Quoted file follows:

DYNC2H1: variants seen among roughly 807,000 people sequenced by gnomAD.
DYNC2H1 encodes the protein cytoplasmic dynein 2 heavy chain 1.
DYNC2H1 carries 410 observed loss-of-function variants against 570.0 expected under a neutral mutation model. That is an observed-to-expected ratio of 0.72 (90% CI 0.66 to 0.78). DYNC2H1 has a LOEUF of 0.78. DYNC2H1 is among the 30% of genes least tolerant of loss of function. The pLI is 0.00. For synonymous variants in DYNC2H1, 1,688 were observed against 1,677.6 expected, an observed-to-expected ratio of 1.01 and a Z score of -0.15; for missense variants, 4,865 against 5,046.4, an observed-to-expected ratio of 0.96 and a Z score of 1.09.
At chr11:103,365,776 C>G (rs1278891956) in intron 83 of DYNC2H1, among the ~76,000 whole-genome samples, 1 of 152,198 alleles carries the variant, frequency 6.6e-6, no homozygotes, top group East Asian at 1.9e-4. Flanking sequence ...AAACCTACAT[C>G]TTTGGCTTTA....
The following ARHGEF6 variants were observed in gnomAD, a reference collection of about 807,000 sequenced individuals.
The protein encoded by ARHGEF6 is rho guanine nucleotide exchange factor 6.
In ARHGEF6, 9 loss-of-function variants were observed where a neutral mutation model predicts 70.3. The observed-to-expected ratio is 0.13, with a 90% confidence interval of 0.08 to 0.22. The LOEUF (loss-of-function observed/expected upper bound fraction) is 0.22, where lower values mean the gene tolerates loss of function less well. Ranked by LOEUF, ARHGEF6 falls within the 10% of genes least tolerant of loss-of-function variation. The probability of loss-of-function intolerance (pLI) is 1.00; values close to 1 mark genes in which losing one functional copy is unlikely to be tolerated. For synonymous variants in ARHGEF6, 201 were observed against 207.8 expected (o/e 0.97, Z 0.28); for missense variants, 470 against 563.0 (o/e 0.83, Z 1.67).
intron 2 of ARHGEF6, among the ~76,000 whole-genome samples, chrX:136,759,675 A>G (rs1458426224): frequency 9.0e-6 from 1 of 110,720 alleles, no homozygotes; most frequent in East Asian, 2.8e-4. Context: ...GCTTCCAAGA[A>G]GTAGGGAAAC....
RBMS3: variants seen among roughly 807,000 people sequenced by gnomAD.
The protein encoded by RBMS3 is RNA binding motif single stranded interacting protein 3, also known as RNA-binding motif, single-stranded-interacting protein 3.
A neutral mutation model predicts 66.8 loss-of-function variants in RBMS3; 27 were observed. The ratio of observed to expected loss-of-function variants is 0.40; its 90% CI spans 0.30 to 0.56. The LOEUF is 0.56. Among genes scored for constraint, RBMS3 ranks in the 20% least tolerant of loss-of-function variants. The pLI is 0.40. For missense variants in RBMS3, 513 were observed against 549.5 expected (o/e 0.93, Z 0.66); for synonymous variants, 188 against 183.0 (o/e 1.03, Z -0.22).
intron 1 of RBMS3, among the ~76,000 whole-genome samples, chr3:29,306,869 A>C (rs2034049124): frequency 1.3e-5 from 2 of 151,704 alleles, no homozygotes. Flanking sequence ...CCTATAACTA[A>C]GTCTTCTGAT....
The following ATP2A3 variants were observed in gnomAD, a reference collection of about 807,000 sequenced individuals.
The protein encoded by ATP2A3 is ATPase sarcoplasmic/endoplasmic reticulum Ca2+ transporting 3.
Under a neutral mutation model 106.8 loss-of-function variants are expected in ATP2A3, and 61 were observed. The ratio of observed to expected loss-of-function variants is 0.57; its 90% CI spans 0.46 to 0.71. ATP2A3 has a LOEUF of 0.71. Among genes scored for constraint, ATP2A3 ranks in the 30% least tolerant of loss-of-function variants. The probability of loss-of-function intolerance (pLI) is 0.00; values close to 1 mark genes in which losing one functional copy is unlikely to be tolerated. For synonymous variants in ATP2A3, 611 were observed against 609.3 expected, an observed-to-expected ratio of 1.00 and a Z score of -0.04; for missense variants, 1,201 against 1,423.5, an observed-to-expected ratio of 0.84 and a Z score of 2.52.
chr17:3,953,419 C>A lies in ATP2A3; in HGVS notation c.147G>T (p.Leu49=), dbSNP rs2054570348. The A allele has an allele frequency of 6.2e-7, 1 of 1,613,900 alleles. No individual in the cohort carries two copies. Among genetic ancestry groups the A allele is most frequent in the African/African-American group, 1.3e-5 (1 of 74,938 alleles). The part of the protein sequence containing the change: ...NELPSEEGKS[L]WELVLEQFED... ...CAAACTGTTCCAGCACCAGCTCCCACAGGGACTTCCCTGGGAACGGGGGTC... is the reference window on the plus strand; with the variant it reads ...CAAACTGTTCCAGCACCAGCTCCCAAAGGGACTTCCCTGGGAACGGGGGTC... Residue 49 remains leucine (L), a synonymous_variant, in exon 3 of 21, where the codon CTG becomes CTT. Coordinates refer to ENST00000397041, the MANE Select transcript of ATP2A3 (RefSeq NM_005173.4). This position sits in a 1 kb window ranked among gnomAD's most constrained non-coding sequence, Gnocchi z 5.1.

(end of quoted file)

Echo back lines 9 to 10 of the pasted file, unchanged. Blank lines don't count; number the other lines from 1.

RBMS3: variants seen among roughly 807,000 people sequenced by gnomAD.
The protein encoded by RBMS3 is RNA binding motif single stranded interacting protein 3, also known as RNA-binding motif, single-stranded-interacting protein 3.